Observing the ultrafast buildup of a Fano resonance in the time domain

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Science  11 Nov 2016:
Vol. 354, Issue 6313, pp. 738-741
DOI: 10.1126/science.aah6972

Watching as helium goes topsy-turvy

Theorists have long pondered the underpinnings of the Fano resonance, a spectral feature that resembles adjacent rightside-up and upside-down peaks. An especially well-studied instance of this feature appears in the electronic spectrum of helium as a transient state undergoes delayed ionization. Two studies have now traced the dynamics of this state in real time. Gruson et al. used photoelectron spectroscopy to extract the amplitude and phase of the electron wave packet after inducing its interference with reference wave packets tuned into resonance at variable delays. Kaldun et al. used extreme ultraviolet absorption spectroscopy to probe the transient state while variably forcing ionization with a strong near-infrared field.

Science, this issue pp. 734 and 738


Although the time-dependent buildup of asymmetric Fano line shapes in absorption spectra has been of great theoretical interest in the past decade, experimental verification of the predictions has been elusive. Here, we report the experimental observation of the emergence of a Fano resonance in the prototype system of helium by interrupting the autoionization process of a correlated two-electron excited state with a strong laser field. The tunable temporal gate between excitation and termination of the resonance allows us to follow the formation of a Fano line shape in time. The agreement with ab initio calculations validates our experimental time-gating technique for addressing an even broader range of topics, such as the emergence of electron correlation, the onset of electron-internuclear coupling, and quasi-particle formation.

Fano resonances generally occur in the course of excitation of discrete quantum states embedded in and coupled to a continuum (1, 2). As such, they play a fundamental role in nuclear, atomic, molecular, and condensed-matter physics as well as photonics (312). In the prominent example of helium, the discrete doubly excited states are located within different sets of continua, where the prominent 2s2p state is coupled only to the continuum of singly ionized ground-state Helium He+ (1s). Coulomb interaction among the two electrons leads to autoionization, thus coupling the discrete state and the 1s continuum and giving rise to the famous asymmetric Fano line profiles. Following the early scientific work on attosecond dynamics in laser-driven helium (13, 14), several recent theoretical calculations have predicted the time-dependent formation of Fano resonances (1520). However, up to now no such experiment has been performed.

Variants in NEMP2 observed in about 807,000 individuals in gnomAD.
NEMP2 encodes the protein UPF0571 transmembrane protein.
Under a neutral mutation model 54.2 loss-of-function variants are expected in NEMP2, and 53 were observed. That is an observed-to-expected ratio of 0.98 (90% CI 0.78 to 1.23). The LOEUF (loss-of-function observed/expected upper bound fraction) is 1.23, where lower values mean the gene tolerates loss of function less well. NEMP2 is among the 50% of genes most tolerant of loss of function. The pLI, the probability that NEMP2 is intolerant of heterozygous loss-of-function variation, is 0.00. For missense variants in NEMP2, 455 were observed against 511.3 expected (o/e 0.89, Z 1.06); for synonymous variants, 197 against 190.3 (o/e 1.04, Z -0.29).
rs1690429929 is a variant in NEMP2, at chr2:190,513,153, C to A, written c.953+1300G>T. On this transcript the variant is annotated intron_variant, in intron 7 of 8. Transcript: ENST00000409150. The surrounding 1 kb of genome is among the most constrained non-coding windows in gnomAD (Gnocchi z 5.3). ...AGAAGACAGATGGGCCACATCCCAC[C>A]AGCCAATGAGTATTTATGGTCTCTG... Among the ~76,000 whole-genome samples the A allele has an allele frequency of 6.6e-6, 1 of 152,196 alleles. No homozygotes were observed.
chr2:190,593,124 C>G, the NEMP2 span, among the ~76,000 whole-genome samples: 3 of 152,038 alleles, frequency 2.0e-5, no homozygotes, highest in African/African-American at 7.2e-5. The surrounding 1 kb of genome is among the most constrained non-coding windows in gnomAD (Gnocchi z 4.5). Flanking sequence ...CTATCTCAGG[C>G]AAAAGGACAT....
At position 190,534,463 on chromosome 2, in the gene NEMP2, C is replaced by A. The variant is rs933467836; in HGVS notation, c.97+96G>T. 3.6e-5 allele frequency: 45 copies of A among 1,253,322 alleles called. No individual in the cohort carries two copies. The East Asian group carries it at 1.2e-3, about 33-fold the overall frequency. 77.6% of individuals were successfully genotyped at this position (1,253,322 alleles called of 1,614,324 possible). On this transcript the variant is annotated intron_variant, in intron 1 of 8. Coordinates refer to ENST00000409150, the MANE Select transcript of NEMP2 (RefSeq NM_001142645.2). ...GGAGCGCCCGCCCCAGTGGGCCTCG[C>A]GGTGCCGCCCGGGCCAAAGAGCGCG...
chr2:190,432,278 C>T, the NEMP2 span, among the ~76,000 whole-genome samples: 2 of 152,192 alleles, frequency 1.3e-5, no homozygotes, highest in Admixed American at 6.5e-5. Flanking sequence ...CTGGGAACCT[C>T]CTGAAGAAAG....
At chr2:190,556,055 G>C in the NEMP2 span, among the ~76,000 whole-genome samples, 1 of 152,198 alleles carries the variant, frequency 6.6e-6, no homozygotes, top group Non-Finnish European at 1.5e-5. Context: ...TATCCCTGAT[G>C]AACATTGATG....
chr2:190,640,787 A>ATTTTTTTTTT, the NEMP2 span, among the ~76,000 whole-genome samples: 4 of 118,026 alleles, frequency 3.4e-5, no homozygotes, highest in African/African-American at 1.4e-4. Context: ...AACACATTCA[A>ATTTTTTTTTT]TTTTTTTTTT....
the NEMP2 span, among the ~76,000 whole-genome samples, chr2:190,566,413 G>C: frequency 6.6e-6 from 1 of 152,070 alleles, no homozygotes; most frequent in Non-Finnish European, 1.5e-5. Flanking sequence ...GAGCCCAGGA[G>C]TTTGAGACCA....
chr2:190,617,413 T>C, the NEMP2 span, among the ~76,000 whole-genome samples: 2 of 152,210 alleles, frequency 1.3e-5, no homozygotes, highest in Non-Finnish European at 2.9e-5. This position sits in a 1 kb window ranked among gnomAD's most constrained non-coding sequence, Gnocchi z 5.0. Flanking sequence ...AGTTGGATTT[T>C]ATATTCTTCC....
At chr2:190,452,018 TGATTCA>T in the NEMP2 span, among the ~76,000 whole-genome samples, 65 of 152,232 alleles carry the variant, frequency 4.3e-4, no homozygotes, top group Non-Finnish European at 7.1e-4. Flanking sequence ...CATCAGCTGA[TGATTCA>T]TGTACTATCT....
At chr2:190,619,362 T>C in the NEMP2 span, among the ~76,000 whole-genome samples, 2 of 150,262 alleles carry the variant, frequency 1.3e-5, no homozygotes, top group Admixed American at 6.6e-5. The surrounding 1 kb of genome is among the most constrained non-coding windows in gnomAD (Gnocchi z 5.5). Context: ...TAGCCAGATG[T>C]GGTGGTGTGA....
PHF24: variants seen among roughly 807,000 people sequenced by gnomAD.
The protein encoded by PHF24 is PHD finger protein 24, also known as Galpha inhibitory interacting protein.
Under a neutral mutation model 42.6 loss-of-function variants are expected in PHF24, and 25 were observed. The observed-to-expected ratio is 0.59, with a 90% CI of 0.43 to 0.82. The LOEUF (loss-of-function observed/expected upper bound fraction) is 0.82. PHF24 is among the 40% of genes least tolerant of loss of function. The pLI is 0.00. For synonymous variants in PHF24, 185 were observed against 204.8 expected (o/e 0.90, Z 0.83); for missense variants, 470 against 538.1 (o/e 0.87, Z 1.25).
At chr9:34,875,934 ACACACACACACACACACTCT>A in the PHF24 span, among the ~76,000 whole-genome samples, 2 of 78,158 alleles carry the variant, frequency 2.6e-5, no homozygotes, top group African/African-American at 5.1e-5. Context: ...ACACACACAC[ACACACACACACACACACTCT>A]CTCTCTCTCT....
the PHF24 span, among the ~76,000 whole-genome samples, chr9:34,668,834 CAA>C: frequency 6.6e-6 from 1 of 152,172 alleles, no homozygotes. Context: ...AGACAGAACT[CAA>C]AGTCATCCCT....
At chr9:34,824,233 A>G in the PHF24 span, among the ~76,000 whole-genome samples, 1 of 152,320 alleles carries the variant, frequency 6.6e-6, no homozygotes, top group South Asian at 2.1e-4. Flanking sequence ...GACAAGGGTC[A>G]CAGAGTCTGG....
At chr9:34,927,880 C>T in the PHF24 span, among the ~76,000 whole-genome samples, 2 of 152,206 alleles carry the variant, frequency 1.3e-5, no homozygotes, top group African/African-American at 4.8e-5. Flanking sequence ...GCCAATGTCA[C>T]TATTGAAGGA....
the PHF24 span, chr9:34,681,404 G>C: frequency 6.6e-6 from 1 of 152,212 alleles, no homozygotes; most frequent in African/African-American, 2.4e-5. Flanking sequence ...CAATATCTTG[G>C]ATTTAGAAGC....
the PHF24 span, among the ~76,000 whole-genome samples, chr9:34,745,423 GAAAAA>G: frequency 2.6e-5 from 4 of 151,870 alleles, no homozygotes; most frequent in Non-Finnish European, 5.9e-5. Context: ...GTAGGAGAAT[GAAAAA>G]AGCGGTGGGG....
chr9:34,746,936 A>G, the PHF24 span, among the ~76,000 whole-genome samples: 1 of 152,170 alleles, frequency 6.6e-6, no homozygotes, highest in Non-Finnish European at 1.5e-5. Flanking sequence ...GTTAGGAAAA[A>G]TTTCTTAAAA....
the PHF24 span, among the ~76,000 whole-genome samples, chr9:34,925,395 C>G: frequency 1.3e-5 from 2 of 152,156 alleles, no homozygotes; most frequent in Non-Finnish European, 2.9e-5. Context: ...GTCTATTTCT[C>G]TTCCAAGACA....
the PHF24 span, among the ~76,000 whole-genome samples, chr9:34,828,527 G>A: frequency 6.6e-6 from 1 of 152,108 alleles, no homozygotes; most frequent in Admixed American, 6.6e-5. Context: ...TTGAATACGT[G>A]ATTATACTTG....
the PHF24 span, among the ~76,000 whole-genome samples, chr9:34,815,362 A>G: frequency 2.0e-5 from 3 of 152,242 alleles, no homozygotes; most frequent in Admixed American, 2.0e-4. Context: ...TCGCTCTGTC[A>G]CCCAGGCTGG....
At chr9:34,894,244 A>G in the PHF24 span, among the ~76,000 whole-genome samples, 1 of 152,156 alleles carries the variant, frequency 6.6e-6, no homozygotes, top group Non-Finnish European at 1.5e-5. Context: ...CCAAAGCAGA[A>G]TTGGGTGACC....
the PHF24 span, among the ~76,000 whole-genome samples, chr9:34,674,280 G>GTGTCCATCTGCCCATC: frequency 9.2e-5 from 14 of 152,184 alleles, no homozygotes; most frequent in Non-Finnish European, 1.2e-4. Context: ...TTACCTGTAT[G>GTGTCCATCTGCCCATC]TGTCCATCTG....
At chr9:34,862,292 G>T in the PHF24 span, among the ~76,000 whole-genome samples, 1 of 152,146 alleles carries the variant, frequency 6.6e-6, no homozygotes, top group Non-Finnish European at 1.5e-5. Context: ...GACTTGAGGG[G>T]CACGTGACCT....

Here, we report a measurement of the time-dependent formation of a Fano resonance in the prototype system of helium. We observed the transient buildup of the 2s2p doubly excited state via extreme ultraviolet (XUV) absorption spectroscopy using high-harmonic radiation. Monitoring the formation of the Fano line was achieved by rapidly terminating the coherent dipole response of the atom via saturated strong-field ionization (SFI) by use of an intense near-infrared (NIR) laser pulse. The key idea is that the NIR pulse acts as a temporal gate of the Fano resonance decay. By varying the time delay between the XUV and the NIR pulse with subfemtosecond precision, we tracked the evolution of the Fano line shape in real time (Fig. 1). To that end, we used laser intensities beyond the Fano-phase control regime discussed in previous work (7) to fully deplete the doubly excited state by means of SFI at variable time delays instead of just shifting its phase at a constant (near zero) time delay.